More recently, I’ve been collecting a few instances of what looks like the exact opposite of the digital goods idea: things from the digital world crossing over into physical manifestations. The specific instances that got me onto this were the Emoticon Ring and the Cursor Pin (both via Book of Joe). The ring is from a collection called “Signs,” by Chao & Eero Jewel in Finland, which aims to respond to and embody digital communication and connection. The cursor pin (designed by Melle Hamer) was evidently inspired by watching a television show on a Mac, and noticing the cursor arrow ending up, by chance, resembling a pin on some character in the program.
Emoticon Ring designed by Chao & Eero Jewel
These curious things reminded me of “The Facebook Like Button Stamp” (by Nation) which I’d been somewhat amused by last year (via PSFK), and sent me back through my (digital) files looking for other examples of de-digitization. (That’s a fairly ugly term, of course, but it was the best I could come up with; counter-suggestions are very welcome.)
On a purely visual level, none of these shapes strike me as intrinsically beautiful or even pleasing, so what’s the appeal? There’s something jokey about bringing a cursor arrow, emoticon, or the all-powerful “like” symbol into the physical world. But there’s something else going on here too, and it’s not the opposite of immaterialism at all. Rather, it’s the inevitable flipside of the same phenomenon. Because like all jokes, these contain a truth: a de facto acknowledgement that the border between the worlds often called “virtual” and “real” is extremely porous.
Some of the examples I’ve taken note of involve characters from video games and the like, but that doesn’t seem particularly different from a Mickey Mouse doll or a Hello Kitty bracelet. I’m more interested in the stuff with no personality at all, referencing the most banal symbols of the screen world (like this pillow with the RSS icon, by Craftsquatch) or even attempts to capture the stuff of digital life that isn’t particularly visual at all (as in this somewhat silly necklace noticed by On The Ground Looking Up, from plastique, featuring the disconcertingly large word “tweet”).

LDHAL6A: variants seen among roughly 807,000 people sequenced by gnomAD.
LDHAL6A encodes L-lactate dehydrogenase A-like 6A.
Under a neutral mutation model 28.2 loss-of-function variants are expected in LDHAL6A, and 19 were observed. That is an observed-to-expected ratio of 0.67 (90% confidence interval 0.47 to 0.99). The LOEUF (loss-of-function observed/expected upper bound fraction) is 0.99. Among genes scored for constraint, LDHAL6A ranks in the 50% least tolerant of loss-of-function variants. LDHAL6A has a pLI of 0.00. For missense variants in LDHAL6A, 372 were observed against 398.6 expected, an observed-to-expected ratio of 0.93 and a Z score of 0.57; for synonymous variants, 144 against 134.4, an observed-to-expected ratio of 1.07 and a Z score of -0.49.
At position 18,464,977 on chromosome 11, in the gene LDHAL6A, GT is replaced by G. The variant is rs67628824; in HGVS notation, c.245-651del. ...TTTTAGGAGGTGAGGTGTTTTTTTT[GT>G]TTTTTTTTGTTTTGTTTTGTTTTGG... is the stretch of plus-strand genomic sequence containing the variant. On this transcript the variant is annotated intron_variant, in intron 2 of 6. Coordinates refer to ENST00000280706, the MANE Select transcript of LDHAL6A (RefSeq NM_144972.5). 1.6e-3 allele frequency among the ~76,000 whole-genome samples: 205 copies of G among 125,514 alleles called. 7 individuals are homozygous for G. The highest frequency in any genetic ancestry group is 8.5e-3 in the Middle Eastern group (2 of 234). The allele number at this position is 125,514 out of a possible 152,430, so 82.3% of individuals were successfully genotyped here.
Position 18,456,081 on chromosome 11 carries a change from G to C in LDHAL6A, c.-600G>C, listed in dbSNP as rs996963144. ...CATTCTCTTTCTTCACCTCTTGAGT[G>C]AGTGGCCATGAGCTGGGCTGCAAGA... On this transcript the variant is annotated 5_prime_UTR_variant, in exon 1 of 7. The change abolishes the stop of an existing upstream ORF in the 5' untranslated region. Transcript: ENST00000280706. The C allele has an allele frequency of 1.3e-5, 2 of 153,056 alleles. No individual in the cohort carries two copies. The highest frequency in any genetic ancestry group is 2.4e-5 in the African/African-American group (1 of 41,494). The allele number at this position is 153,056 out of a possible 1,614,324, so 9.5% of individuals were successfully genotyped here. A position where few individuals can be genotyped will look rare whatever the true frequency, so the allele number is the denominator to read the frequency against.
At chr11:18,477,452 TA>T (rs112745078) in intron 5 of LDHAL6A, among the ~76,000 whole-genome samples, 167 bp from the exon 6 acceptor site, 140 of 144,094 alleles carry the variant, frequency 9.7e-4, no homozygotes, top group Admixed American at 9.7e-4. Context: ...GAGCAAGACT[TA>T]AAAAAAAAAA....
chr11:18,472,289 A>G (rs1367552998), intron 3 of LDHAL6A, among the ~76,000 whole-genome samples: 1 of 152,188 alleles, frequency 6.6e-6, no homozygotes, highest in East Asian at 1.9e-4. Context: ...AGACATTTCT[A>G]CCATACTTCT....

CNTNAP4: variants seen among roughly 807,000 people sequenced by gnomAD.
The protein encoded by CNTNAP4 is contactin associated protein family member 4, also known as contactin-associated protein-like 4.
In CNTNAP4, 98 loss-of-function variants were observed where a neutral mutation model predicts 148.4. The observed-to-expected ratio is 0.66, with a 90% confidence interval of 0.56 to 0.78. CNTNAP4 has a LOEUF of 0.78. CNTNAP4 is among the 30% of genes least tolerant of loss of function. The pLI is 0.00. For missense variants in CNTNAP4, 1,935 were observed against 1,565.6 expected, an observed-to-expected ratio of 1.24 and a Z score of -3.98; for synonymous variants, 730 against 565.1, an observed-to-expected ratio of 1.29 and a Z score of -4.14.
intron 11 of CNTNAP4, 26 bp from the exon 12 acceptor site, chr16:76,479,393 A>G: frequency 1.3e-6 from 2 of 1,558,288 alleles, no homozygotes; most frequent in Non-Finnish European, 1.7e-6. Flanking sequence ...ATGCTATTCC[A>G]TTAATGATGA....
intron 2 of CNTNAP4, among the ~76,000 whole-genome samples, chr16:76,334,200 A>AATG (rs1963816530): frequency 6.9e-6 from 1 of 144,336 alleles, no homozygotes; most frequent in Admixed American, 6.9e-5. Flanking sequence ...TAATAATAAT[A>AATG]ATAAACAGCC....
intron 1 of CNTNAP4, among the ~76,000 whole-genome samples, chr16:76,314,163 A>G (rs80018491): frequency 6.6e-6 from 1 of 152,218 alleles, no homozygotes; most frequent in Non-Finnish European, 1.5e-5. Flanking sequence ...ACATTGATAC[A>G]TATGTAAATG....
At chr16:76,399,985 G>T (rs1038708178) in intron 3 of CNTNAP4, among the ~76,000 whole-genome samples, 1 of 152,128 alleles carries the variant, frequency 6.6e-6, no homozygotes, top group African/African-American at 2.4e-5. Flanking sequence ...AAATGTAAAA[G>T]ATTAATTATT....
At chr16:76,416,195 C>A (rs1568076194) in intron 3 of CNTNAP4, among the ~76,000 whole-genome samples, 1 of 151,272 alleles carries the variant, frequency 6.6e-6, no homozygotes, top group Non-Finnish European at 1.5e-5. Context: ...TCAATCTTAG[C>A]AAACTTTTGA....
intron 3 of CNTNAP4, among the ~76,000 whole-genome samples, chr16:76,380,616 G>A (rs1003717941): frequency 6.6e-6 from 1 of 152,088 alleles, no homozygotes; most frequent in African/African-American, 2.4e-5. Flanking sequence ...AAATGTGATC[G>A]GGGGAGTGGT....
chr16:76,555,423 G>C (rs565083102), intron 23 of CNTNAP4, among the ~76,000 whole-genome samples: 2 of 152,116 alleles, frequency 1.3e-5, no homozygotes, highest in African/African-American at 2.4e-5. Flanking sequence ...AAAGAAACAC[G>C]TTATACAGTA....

These objects remind me of friends who refer to things that happen IRL (in real life, meaning not online) with a kind of wink, suggesting that the dichotomy between digital and not-digital really has nothing to do with which one is “real.” But I suspect there’s something a little nervous-making lurking within the overt jokiness. Probably most of us see these instances of digital iconography so often, without ever really stopping to absorb them, that they’re more familiar to us than the shape of the leaves on the tree just out your window. That’s sort of funny — and sort of profoundly not funny at all. Maybe making such imagery amusingly physical takes the edge off this uncertainty. It’s clever stuff, though I have to say it’s not clever I’d need to own any of it, or even see it IRL. The digital pictures are real enough for me.